As Utahns face the steepest gas prices the state has ever encountered, Gov. Spencer Cox on Thursday said he was meeting with the state’s legislative leaders and budget analysts to find a solution to help families weather the soaring costs.
During his monthly televised news conference on PBS Utah, the Republican governor said he had met with House Speaker Brad Wilson and Senate President Stuart Adams on Wednesday. Cox said he expects to meet with the state’s petroleum industry later this week.
“These conversations are ongoing. We will be meeting with lots of different people that participate in the supply chain when it comes specifically to gas and petroleum products and see what we can do as a state to alleviate the pressure,” Cox said. “More broadly than just gas prices, this inflation has been happening for quite a while now is deeply concerning. Gas prices are a part of it, but people are feeling it with other ways as well.”
Eliminating the state’s gas tax would be complicated, according to Cox, because that revenue funds the Utah Department of Transportation’s workforce.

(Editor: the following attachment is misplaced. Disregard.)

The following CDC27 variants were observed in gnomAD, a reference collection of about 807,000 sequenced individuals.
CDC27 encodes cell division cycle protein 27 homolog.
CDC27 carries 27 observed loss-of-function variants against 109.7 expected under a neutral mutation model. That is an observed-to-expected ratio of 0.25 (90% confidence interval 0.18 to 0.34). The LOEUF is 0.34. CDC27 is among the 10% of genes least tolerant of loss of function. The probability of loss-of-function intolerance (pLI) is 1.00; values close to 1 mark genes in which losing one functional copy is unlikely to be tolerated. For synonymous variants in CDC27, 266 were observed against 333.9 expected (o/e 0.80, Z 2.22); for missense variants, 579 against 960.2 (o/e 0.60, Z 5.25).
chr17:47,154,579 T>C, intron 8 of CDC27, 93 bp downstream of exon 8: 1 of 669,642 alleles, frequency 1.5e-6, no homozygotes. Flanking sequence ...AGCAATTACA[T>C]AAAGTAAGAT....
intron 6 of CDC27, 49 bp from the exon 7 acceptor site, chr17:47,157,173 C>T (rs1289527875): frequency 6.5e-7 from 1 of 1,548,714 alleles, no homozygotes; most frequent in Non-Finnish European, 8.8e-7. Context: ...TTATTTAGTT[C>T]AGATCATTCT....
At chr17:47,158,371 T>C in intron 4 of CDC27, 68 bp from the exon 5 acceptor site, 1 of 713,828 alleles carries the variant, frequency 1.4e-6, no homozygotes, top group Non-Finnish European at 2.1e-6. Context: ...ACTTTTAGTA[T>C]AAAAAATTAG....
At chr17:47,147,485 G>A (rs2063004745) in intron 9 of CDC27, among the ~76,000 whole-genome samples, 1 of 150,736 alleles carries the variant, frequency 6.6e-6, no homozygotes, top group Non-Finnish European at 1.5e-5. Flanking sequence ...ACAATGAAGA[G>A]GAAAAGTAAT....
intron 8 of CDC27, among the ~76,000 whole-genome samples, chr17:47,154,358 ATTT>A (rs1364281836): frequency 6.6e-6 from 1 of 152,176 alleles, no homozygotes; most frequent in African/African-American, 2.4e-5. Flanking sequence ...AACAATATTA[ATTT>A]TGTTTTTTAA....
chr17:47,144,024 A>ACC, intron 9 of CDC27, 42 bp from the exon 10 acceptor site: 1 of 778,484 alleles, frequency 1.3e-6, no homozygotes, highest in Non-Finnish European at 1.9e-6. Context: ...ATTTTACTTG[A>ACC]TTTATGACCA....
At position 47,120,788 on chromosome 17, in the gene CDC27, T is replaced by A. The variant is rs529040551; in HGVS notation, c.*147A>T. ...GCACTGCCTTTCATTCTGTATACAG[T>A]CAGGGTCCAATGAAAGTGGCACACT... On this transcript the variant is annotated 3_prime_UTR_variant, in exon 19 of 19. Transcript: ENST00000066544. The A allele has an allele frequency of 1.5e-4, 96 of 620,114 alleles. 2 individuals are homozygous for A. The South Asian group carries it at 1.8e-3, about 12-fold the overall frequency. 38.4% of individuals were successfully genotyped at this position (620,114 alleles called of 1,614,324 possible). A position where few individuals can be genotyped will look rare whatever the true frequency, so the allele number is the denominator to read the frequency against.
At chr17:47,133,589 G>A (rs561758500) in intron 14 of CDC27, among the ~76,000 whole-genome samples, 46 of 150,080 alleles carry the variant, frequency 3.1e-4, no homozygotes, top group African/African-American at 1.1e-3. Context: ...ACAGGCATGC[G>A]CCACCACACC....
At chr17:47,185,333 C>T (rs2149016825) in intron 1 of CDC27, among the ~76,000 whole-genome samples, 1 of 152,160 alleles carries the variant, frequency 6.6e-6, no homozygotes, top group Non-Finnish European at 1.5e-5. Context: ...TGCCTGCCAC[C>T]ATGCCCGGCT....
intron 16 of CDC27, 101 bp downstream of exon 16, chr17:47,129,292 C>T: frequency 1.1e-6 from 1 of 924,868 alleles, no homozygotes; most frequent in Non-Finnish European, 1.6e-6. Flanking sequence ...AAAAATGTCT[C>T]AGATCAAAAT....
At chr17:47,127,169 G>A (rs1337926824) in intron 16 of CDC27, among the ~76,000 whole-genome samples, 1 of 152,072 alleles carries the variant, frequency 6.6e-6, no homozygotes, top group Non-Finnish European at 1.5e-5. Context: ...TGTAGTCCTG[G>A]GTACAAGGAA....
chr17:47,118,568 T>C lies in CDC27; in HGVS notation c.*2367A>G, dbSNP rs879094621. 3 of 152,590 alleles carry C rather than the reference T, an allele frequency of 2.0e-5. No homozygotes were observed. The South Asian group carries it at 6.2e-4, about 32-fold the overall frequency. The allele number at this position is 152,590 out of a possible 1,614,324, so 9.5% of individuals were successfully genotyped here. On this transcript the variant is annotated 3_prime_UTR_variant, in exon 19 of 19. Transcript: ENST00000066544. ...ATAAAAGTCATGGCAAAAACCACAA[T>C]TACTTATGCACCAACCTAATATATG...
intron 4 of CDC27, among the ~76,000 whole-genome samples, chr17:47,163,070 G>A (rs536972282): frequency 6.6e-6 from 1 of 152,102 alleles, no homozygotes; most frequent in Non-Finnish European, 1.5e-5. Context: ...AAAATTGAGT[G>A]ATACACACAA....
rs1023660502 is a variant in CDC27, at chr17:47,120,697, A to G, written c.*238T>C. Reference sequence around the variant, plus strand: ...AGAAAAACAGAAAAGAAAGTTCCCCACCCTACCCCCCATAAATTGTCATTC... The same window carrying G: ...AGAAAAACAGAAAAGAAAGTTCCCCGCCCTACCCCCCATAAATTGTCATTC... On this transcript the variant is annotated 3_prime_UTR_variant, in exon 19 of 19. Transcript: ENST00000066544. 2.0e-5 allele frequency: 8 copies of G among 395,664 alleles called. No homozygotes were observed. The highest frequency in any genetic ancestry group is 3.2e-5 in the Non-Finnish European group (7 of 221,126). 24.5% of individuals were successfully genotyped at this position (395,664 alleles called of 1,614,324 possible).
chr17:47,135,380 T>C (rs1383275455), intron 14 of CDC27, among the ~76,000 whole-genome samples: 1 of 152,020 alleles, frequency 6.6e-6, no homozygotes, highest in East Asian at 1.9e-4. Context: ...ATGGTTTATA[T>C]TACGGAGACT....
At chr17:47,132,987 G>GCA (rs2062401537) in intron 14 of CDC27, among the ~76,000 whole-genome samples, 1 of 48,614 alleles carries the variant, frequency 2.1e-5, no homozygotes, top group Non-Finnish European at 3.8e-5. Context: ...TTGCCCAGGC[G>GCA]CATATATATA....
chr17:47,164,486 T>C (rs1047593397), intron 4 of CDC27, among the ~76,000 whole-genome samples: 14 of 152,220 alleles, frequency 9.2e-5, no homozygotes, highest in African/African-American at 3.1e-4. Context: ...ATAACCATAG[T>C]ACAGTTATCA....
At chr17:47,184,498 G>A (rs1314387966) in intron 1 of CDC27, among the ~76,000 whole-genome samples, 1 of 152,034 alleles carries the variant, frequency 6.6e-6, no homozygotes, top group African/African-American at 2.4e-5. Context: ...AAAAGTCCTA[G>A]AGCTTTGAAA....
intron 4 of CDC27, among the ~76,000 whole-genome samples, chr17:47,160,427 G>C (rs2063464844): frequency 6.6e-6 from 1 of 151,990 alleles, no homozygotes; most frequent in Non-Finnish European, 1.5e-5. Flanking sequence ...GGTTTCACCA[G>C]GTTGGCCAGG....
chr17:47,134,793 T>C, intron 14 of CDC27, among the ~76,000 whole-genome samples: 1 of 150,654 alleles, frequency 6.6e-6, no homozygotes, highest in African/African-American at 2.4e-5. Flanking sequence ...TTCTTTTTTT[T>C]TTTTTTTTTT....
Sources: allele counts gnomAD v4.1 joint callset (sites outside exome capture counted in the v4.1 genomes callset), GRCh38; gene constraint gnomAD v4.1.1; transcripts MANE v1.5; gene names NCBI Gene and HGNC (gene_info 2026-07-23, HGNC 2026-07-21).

California lawmakers this week are set to announce a proposal to offer a $400 tax rebate for its residents to weather high gas prices this year. When asked if Cox would consider a potential gas rebate for Utahns, the first-time governor said “Everything’s on the table.”
As of Thursday, Utah’s average gas cost was $4.35 per gallon, according to data released by AAA. That is a nearly 9% increase from last week’s average cost of $4.01 per gallon of gas. Nationally, the average cost of a gallon gas sits at $4.29.
Earlier this month, President Joe Biden ordered a ban on Russian oil imports as a result of the Russia-Ukraine conflict. He warned Americans will feel the strain on their wallets at the gas pumps.
Cox said Utahns should brace for higher gas costs as Russia’s invasion of Ukraine endures. Cox also said he fears that high gas costs, coupled with rising inflation, could put Utah families in a position where they have to choose between spending money on a full tank of gas or putting food on the table.
“People will have to change their habits,” he said. “That may mean ... that family vacation that people were planning on taking may not happen or will have to be shortened or kept closer to home.”